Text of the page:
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Indian students of BYU–Hawaii community share gratitude over groundbreaking of Bengaluru India Temple

Two women in traditional Indian dress with two men in suits holding up shovels of dirt

On Dec. 2, the groundbreaking ceremony was held for Bengaluru India Temple. BYU–Hawaii students from India shared their joy at President Russell M. Nelson’s announcement of the temple and discussed the blessings that will come to their land and people. They also shared the sacrifices they have made in the past to attend the temple and their plans to attend the completed Bengaluru India Temple in the near future.

The official Newsroom of The Church of Jesus Christ of Latter-day Saints shared on its website, “A small group of leaders from The Church of Jesus Christ of Latter-day Saints participated in the groundbreaking ceremony of the Bengaluru India Temple on the morning of December 2, 2020.  

“For many years, Church members in India have travelled to either the Philippines, Hong Kong, or Taiwan for their temple worship. For many, this is not an easy trip to make. Thus, one can imagine the excitement of Latter-day Saints in India when the temple was announced in April 2018 by Church President Russell M. Nelson. It will be the first temple of the Church in India, a country with more than 1.3 billion people of various faiths, including Hinduism and Islam.”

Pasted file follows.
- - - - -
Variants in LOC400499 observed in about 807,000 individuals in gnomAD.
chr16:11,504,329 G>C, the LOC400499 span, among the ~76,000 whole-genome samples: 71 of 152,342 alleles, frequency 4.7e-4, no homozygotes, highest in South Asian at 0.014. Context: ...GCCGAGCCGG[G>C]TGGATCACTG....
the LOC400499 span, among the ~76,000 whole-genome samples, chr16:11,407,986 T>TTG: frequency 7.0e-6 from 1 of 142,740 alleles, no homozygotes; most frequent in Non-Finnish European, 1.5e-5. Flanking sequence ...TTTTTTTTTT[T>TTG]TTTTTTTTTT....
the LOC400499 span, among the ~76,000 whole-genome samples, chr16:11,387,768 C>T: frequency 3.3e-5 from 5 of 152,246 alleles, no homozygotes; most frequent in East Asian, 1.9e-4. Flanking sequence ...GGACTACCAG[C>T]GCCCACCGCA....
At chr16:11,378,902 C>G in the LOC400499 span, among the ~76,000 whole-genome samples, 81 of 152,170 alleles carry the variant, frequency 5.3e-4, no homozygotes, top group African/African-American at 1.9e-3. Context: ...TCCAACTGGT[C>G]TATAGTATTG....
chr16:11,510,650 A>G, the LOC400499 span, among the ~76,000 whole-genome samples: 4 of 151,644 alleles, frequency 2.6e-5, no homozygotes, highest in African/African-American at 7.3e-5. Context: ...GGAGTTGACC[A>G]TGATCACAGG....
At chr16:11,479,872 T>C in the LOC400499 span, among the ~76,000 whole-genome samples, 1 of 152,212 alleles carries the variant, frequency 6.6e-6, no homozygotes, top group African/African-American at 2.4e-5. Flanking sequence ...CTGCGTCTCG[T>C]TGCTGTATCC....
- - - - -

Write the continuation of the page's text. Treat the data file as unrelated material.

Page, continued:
Reaction to the temple announcement  

Shan Arumugam, a senior from India majoring in hospitality and tourism management and a covert to the Church, shared, “When I was in Hawaii watching the general conference, I started crying when I heard [President Nelson] announce the temple. I thought it would take another 10 to 15 years for the Church to build the temple.

“It’s unexpected news. A lot of people called me, friends within the U.S., friends who I served a mission with.”

Balu Pilli, a junior from India majoring in computer science and a returned missionary from the India Bengaluru Mission shared, in 2013, his mission president gathered all the missionaries for a meeting. In the meeting, Pilli said his mission president told them they would soon hear about a temple announcement in India and asked each of them to fast and teach the members to share the gospel to others.

He said, “That was the first time we heard about the temple going to India soon. We worked so hard as missionaries that when we heard the temple announcement in April 2018, we felt so happy. After five years of working hard for every member and missionary, at last, we heard about the announcement of the temple."

He said the missionaries who served with him on the mission called and congratulated one another after the announcement from the prophet.